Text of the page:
Graduate Students United (GSU) at the University of Chicago launched a fee refusal campaign this week, with more than 500 students refusing to pay the school’s student life fee.
GSU described the fee, which covers the cost of student services like the library, gym and counseling, as an “onerous and dubiously justified tax on graduate students” in its pledge refusing payment.
The pledge demands that the U. of C. waive or reduce the fee for the current academic year, include notice of the fee on letters of acceptance to prospective students, and share “the specific uses and applications of these funds...especially under pandemic conditions and with limited access to campus services.”
Though GSU is not calling for an end to the student life fee as part of this action, the group did write in a press release that “even in the best of times, necessary campus services should be covered by our funding packages.”
“The particular demands of this campaign are really focused around the pandemic and focused around what the fee is supposed to pay for,” said Laura Colaneri, a GSU spokesperson. “But the fees are sort of ridiculous to begin with, so we’re utilizing the campaign to point to a larger inequity.”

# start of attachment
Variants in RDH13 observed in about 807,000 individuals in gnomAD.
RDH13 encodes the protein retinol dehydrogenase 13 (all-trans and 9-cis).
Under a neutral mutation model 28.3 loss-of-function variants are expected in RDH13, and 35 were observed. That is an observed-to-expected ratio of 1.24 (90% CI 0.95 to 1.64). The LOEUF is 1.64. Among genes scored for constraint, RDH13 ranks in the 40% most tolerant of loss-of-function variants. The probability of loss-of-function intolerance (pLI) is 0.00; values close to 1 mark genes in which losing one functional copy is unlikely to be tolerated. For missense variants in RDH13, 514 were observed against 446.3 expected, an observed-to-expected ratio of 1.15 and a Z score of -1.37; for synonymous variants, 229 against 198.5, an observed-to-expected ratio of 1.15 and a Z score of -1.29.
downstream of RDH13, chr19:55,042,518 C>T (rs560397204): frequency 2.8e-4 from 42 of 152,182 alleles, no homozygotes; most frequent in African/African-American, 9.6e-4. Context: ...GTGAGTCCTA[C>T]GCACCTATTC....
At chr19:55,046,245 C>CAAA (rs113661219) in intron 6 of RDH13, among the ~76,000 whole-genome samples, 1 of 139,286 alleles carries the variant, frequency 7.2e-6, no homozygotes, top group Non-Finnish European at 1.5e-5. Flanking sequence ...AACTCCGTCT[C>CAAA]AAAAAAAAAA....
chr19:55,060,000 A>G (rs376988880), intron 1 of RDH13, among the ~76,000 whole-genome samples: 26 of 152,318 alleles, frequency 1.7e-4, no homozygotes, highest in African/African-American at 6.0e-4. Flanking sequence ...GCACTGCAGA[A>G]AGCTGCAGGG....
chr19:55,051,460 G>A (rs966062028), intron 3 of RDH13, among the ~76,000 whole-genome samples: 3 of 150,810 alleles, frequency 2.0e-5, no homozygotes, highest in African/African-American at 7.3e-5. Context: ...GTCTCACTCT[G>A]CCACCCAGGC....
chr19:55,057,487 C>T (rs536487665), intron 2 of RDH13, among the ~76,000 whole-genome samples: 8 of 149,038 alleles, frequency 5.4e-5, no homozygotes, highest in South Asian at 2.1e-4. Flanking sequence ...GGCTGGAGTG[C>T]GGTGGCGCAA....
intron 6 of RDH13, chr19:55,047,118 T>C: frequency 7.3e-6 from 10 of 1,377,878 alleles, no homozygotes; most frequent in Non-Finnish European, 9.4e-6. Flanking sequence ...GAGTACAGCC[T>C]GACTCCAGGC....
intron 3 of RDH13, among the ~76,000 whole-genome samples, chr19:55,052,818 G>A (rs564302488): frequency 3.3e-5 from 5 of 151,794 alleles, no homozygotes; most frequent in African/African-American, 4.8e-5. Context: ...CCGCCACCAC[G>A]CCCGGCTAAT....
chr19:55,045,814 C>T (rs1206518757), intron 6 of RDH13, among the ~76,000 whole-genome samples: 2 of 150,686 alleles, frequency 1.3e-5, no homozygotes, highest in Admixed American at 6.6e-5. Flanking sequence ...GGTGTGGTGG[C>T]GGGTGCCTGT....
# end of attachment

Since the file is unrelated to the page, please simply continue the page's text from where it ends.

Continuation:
Colaneri said that GSU has not yet heard back from the U. of C. administration, which does not formally recognize the group as a union.
In a statement, U. of C. spokesperson Gerald McSwiggan detailed the services covered by the fee, including budgets for student government and immigration services for international students.
“The annual cost of attendance for all students, including the Student Services Fee, is published annually. Additionally, graduate students generally receive notification of applicable fees when they are admitted to the University,” McSwiggan wrote. “Students who live more than 50 miles from campus, whether because of the COVID-19 pandemic or for other reasons, can waive the Student Services Fee. The University also has committed extensive internal resources to help with unexpected expenses that have arisen as a result of the pandemic, in addition to facilitating student access to federal funds for emergency expenses.”